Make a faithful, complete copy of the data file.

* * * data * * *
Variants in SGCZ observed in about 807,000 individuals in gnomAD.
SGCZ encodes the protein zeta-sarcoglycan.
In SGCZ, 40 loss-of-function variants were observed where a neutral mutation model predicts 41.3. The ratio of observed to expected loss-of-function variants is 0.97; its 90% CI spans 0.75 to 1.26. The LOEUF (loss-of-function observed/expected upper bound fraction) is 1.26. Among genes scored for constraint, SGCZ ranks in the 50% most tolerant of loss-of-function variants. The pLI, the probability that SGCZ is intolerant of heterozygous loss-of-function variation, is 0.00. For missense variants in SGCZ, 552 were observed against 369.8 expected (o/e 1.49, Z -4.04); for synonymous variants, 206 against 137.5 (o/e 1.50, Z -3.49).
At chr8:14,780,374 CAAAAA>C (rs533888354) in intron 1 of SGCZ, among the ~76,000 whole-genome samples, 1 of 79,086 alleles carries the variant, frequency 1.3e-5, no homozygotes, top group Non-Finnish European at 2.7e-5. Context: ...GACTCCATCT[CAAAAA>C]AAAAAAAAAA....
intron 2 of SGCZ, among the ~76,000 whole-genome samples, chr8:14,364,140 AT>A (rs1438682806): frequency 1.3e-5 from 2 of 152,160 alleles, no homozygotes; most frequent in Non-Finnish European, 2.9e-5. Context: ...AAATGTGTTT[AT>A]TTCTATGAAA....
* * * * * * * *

Variants in SGCZ observed in about 807,000 individuals in gnomAD.
SGCZ encodes the protein zeta-sarcoglycan.
In SGCZ, 40 loss-of-function variants were observed where a neutral mutation model predicts 41.3. The ratio of observed to expected loss-of-function variants is 0.97; its 90% CI spans 0.75 to 1.26. The LOEUF (loss-of-function observed/expected upper bound fraction) is 1.26. Among genes scored for constraint, SGCZ ranks in the 50% most tolerant of loss-of-function variants. The pLI, the probability that SGCZ is intolerant of heterozygous loss-of-function variation, is 0.00. For missense variants in SGCZ, 552 were observed against 369.8 expected (o/e 1.49, Z -4.04); for synonymous variants, 206 against 137.5 (o/e 1.50, Z -3.49).
At chr8:14,780,374 CAAAAA>C (rs533888354) in intron 1 of SGCZ, among the ~76,000 whole-genome samples, 1 of 79,086 alleles carries the variant, frequency 1.3e-5, no homozygotes, top group Non-Finnish European at 2.7e-5. Context: ...GACTCCATCT[CAAAAA>C]AAAAAAAAAA....
intron 2 of SGCZ, among the ~76,000 whole-genome samples, chr8:14,364,140 AT>A (rs1438682806): frequency 1.3e-5 from 2 of 152,160 alleles, no homozygotes; most frequent in Non-Finnish European, 2.9e-5. Context: ...AAATGTGTTT[AT>A]TTCTATGAAA....